First established in 1897, the Fremantle Markets have been trading now for more than 120 years – almost as long as the Americas Cup stayed with the New York Yacht Club. There have been ebbs and flows in the markets’ success. For example, part of it was demolished when they no longer needed space to house the horses used for transport. In the early 1970’s it underwent a refurbishment and became it is now.
It is heritage listed and the listing includes the Sail & Anchor Hotel which is next door and the Norfolk Hotel across the road.
The markets are open Friday, Saturday and Sunday only. It’s a great place to stock up on fruit & veg, to enjoy a meal from one of the many eateries or to browse.
Outside the Centre of Fremantle
All of these places are within walking distance of the train station. If you have transport you can also go north (across the bridge over the Swan River), and hang out at Leighton Beach or the café strip on Queen Victoria Street.
You can go to East Fremantle and George Street, or head down to what is affectionately known as ‘The Leftie’, a large pub on the Swan River.
Or you can go south.
Take a turn down the South Terrace café strip. Actually, no. Get up early in the summer, head to South Beach for a swim and then go to one of the many cafes on South Terrace for a lazy coffee.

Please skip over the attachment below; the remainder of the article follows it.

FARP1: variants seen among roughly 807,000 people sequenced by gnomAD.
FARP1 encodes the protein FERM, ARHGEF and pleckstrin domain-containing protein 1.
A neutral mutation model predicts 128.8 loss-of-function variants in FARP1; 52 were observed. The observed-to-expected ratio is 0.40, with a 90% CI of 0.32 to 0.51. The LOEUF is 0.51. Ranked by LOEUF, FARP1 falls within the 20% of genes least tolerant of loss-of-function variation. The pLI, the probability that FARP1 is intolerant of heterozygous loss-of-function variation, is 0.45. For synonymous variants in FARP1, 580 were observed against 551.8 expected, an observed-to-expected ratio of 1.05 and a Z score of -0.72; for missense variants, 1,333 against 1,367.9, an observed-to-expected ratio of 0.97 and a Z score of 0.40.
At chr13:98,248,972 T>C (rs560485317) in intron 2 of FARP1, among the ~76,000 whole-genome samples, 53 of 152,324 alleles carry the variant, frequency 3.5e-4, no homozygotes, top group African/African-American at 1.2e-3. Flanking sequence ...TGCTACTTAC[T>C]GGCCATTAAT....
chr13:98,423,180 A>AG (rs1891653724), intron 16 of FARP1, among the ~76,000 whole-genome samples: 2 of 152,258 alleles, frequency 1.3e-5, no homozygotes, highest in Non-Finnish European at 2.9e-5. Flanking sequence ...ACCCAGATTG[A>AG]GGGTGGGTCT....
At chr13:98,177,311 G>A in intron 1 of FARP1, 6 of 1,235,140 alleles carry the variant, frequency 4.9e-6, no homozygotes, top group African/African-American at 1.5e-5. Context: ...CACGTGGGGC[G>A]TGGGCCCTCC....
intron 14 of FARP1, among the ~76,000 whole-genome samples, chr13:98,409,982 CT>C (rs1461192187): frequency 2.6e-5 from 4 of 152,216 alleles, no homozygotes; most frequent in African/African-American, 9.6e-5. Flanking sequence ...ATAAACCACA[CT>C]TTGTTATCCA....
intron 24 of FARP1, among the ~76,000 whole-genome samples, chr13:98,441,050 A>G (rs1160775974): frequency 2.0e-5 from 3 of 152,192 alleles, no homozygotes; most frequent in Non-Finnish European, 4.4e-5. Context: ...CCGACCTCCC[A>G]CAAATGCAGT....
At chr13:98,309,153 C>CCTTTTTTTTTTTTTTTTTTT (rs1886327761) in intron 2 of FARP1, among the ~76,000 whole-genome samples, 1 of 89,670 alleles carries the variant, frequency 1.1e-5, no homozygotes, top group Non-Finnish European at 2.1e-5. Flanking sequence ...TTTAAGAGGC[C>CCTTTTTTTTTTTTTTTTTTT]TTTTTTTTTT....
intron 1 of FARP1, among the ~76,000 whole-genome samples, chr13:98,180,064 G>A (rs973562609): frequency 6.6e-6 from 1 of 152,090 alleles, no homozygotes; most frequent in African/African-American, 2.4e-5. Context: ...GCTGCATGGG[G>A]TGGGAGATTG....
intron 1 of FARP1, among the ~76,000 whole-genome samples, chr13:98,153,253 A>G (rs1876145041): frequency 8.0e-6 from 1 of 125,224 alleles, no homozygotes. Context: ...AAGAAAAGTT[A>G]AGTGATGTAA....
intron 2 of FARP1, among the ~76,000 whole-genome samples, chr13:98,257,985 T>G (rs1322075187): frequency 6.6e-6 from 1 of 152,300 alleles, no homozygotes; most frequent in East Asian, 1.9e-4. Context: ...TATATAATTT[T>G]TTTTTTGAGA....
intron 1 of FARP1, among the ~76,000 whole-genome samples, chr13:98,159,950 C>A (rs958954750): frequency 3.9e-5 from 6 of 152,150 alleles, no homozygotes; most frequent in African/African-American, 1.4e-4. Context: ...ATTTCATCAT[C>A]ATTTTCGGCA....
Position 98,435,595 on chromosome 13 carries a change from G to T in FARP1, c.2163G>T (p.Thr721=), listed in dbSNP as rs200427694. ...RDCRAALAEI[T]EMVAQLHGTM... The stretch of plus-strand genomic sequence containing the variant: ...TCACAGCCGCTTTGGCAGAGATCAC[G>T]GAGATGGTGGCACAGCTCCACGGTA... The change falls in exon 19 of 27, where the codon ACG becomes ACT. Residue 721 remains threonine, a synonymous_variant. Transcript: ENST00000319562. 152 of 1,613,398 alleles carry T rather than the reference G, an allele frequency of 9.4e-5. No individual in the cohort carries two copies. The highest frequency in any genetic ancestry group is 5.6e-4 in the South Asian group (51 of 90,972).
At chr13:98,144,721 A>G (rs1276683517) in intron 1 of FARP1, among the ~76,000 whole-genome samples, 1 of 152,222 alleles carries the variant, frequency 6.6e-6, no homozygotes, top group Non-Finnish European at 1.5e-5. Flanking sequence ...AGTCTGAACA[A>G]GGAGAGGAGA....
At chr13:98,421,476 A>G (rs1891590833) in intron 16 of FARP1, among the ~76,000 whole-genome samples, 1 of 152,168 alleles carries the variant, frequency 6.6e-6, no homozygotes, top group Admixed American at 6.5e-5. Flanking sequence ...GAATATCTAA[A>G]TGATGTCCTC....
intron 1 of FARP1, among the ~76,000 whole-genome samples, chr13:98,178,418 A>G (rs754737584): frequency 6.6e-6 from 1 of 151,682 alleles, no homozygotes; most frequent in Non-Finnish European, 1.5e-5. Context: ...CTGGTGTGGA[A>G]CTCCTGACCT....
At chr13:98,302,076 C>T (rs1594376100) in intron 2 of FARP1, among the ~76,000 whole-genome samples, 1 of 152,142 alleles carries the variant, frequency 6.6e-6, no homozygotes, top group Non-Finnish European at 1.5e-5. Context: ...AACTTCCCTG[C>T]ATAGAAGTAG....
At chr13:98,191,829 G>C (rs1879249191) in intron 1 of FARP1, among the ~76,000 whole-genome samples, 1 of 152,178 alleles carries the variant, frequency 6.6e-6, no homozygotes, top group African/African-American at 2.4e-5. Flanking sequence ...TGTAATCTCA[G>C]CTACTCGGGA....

Try any of the following, or take your pick of any of the other restaurants, bars and cafes on the strip.
Port City Roasters
Ootong and Lincoln
Ruoccos Pizzeriea e ristorante
To name a few, and be sure to take in the very impressive trompe l’oeil mural on the Furniture Warehouse
Fremantle residents are fiercely loyal and parochial. Word on the street is that you either come from Fremantle and you never go outside the city – why would you? – or you don’t and you never go inside the city because it is so contained.
Ok, broadbrush but there is some truth in it.
I havn’t even mentioned the many museums or the galleries.
Fremantle Prison – built from limestone by the prisoners themselves and only closed down in 1991. Now you can do scary tours of the premises at night, complete with bodies and strange lights.
Maritime Museum – shaped like a giant fish on the south mole of the Port. Worth a visit and if you do – be sure to climb through the submarine.
Fremantle Arts Centre – has been at times a lunatic asylum and a maritime museum. Another of Fremantle’s limestone buildings which now houses a gallery featuring exhibitons of world reknown artists, arts workshops performance spaces and an excellent café.
The Round House – It was the original prison in the late 1800’s, and after that for a while was the home of the chief constable and his family. Mainly interesting now because of its location – sandwiched between a railway line and the water, and walking distance from Bathers Beach.
If you look carefully at the photo of the exterior you’ll notice Vera the Vespa parked out front.
Fremantle is home to many of Western Australia’s prominent artist and
- Glen Cowans studio located at the Round House
- Kidogo Art House and Art Institute
- Japingka Gallery
& the various exhibitions at the Fremantle Arts Centre
As well as Little Creatures, try –
- The Sail & Anchor
- The Norfolk
- The Left Bank (‘The Leftie’)
- The Tradewinds (‘The Tradie’)
- The Local
And many more.
There’s a lot to love in Fremantle, … but be careful because you might not want to leave!